Education Law '3202(1) provides, in pertinent part:

A person over five and under twenty-one years of age who has not received a high school diploma is entitled to attend the public schools maintained in the district in which such person resides without the payment of tuition.

The purpose of this statute is to limit the obligation of school districts to provide tuition-free education to students whose parents or legal guardians reside within the district (Appeal of Keenan, 36 Ed Dept Rep 6; Appeal of Brutcher, 33 id. 56).

A child's residence is presumed to be that of his or her parents or legal guardians (Appeal of Keenan, supra; Appeal of Gwendolyn B., 32 Ed Dept Rep 151; Appeal of Pinto, 30 id. 374). However, this presumption may be rebutted (Appeal of McMullan, 29 Ed Dept Rep 310). To determine whether the presumption has been rebutted, certain factors are relevant, including a determination that there has been a total, and presumably permanent transfer of custody and control to someone residing within the district (Appeal of Brutcher, supra; Appeal of Garretson, 32 Ed Dept Rep 542; Matter of Van-Curran and Knop, 18 id. 523). Where the parent continues to exercise custody and control of the child and continues to support him, the presumption is not rebutted and the child's residence remains with the parent (Appeal of Aquila, 31 Ed Dept Rep 93; Appeal of Garretson, supra). Moreover, where the sole reason the child is residing with someone other than the parent is to take advantage of the schools of the district, the child has not established residence (Appeal of Ritter, 32 Ed Dept Rep 24; Appeal of McMullan, supra).

The record before me contains insufficient evidence to rebut the presumption that Ravanna's residence is that of his mother, who resides outside the district. To the contrary, the weight of the evidence supports respondent's determination that Ravanna is not a resident of the district. Although petitioner had previously argued that she had relinquished control of Ravanna to Mr. Richardson, it seems clear, based on her December 1996 letter to Mr. Shaw, that she never totally surrendered care, custody and control of Ravanna to her brother, but rather continued to retain control over Ravanna's educational program. An unsworn, unnotarized statement from Mr. Richardson, included in the petition, does not even address the question of his custody of Ravanna. Nor does it support petitioner's new argument that she now actually lives at the Hoar Street address. In his unsworn statement, Mr. Richardson merely states that he has "no intention of changing my rental arrangement with Lenora Ferreira to separate her utility expenses. Her rent includes the cost of electricity, heat and water. This arrangement has been agreeable to both us [sic] in the past and is still satisfactory to me." In fact, Mr. Richardson doesn't even mention the address at which this "rental arrangement" occurs. In addition, the rental receipts do not have an imprinted number on them; they are merely hand-numbered sequentially 1 - 20, for the twenty months from September 1995, through March 1997. It appears that these receipts could have been made at any time for any purpose.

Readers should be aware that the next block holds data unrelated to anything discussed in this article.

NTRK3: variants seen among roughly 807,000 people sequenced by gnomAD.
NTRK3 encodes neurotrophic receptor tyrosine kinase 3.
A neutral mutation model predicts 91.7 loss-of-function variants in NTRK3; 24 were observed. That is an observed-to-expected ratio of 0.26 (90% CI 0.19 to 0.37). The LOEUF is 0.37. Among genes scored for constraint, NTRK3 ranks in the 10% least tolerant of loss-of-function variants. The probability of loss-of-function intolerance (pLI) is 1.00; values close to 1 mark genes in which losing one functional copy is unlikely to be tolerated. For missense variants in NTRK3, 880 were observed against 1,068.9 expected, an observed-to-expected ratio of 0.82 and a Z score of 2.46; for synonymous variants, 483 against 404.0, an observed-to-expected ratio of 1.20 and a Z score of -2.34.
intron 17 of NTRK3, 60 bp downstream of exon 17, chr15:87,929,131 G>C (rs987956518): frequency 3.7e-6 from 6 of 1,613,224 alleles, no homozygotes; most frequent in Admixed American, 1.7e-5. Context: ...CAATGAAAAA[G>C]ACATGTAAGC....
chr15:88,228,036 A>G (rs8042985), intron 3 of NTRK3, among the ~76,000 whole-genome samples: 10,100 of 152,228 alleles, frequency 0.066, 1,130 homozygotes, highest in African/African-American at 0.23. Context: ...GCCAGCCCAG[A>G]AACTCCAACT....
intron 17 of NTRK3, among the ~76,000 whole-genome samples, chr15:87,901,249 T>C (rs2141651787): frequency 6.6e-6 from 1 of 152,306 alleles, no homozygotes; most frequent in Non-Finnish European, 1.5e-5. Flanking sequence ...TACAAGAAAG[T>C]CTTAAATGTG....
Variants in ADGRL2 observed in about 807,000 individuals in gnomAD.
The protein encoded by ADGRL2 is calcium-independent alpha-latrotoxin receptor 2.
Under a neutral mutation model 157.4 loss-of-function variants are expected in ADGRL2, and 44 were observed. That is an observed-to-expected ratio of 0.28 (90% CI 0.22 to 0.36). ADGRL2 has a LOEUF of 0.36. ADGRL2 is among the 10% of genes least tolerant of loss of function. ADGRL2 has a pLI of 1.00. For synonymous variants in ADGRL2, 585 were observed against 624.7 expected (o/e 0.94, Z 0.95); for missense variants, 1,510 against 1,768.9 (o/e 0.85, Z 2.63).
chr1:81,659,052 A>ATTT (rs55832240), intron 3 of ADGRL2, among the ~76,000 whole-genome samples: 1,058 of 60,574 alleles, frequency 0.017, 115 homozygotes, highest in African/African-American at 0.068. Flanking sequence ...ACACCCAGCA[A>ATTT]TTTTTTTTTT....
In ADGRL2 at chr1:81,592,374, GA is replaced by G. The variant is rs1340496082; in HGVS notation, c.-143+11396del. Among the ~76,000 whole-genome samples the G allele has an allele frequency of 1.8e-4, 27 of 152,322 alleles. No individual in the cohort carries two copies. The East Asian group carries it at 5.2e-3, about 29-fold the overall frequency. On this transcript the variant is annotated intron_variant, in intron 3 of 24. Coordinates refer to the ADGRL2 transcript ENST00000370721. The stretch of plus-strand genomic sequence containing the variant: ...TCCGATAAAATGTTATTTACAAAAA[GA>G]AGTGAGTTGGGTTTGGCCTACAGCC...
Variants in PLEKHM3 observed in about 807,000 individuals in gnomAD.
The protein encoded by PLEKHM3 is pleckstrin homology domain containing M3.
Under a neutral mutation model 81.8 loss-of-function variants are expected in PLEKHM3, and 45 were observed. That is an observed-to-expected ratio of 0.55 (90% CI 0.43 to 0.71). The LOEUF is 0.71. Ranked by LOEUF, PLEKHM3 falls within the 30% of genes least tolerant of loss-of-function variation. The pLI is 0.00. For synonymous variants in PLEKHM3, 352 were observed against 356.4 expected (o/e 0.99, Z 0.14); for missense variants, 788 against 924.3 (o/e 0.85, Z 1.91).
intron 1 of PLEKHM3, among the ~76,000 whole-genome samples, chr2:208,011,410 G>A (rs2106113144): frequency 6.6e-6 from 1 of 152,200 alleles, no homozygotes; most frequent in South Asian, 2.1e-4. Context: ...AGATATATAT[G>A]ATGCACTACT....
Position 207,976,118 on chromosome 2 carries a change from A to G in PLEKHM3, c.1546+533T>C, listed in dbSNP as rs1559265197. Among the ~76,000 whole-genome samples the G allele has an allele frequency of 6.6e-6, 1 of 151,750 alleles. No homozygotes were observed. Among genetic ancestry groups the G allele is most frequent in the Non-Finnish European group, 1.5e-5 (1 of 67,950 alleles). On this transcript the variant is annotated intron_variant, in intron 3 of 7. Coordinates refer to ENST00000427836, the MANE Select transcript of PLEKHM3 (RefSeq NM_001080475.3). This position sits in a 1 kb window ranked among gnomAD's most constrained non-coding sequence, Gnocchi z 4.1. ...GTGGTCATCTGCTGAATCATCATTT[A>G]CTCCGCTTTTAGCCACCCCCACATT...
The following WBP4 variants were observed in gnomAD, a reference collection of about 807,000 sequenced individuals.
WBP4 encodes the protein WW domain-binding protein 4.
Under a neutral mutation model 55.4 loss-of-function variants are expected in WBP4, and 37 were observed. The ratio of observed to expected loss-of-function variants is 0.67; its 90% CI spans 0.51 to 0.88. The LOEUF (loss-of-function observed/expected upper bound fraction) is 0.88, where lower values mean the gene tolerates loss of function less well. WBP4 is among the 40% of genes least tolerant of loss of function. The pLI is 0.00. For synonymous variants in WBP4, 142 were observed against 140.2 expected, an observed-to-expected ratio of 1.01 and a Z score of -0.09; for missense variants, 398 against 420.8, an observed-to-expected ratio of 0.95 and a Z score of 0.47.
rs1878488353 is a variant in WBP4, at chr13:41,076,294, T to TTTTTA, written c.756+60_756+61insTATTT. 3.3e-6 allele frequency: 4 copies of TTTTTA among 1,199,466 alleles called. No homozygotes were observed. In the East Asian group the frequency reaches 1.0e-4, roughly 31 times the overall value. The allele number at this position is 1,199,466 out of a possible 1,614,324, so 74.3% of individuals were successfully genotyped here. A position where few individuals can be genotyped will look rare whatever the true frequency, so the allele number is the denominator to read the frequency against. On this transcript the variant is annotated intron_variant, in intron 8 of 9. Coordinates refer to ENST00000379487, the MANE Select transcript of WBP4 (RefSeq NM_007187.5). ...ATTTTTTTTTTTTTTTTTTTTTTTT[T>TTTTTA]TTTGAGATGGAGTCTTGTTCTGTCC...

Nor am I persuaded by petitioner's submission of a learner's permit or voter registration card. Although they contain the Hoar Street address, they were only submitted after petitioner's initial meeting with Mr. Ferrara. In fact, the learner's permit was not even issued until January 31, 1997. I am left to speculate on what basis petitioner obtained these documents, since petitioner has provided no other documentation evidencing her current residency in the district. See, e.g., Appeal of France, 36 Ed Dept Rep 122; Appeal of Lawrence, 36 id. 374. In any case, I find these documents to be unpersuasive.

Notwithstanding the lack of a Certificate of Rental Safety, even if petitioner did indeed pay rent to her brother in Ellenville, she does not rebut the fact that she continued to receive her regular mail at St. Albans, Queens. Even more importantly, petitioner admits that she was financially responsible for providing Ravanna's food, shelter, clothing and health insurance; that if Ravanna damaged school property or lost textbooks or equipment, she would be responsible for reimbursing respondent; and that Ravanna was living with her brother because it was more convenient and she wanted him to attend school in Ellenville, not New York City. Thus, the evidence clearly indicates that if Ravanna is residing with Mr. Richardson, he is doing so solely to take advantage of the schools of the district. Accordingly, Ravanna has failed to establish residency in Ellenville (Appeal of West and West, 36 Ed Dept Rep 76). Furthermore, the record indicates that respondent followed the procedures in 8 NYCRR '100.2(y). That section provides, in pertinent part:

Prior to making a determination of entitlement to attend the schools of the district, the board or its designee shall afford the child's parent, the person in parental relation to the child or the child, as appropriate, the opportunity to submit information concerning the child's right to attend school in the district. When the board of education or its designee determines that a child is not entitled to attend the schools of such district because such child is neither a resident of such district nor entitled to attend its schools, such board or its designee shall, within two business days, provide written notice of its determination to the child's parent, to the person in parental relation to the child, or to the child, as appropriate.

Section 100.2(y) further provides that the written notice must state, among other things, ". . . the basis for the determination that the child is neither a resident of the district nor entitled to attend its schools . . ." (8 NYCRR '100.2(y)(2)) and that the determination of the board may be appealed to the Commissioner of Education (8 NYCRR '100.2(y)(4)).

Based on respondent's evidence, which petitioner does not rebut, respondent fully complied with the procedures required in '100.2(y). Indeed, respondent went beyond the requirements of the regulation by giving petitioner at least three opportunities after his January 17, 1997 letter of notice to present evidence of either her residency or her surrender of care and custody: the January 30 hearing, an extension until February 4, and the February 6 telephone conversation. In addition, Mr. Ferrara, on his own accord, readmitted Ravanna until the end of the school year pending this decision. In all aspects, respondent acted reasonably, appropriately and in full compliance with the Commissioner's regulations.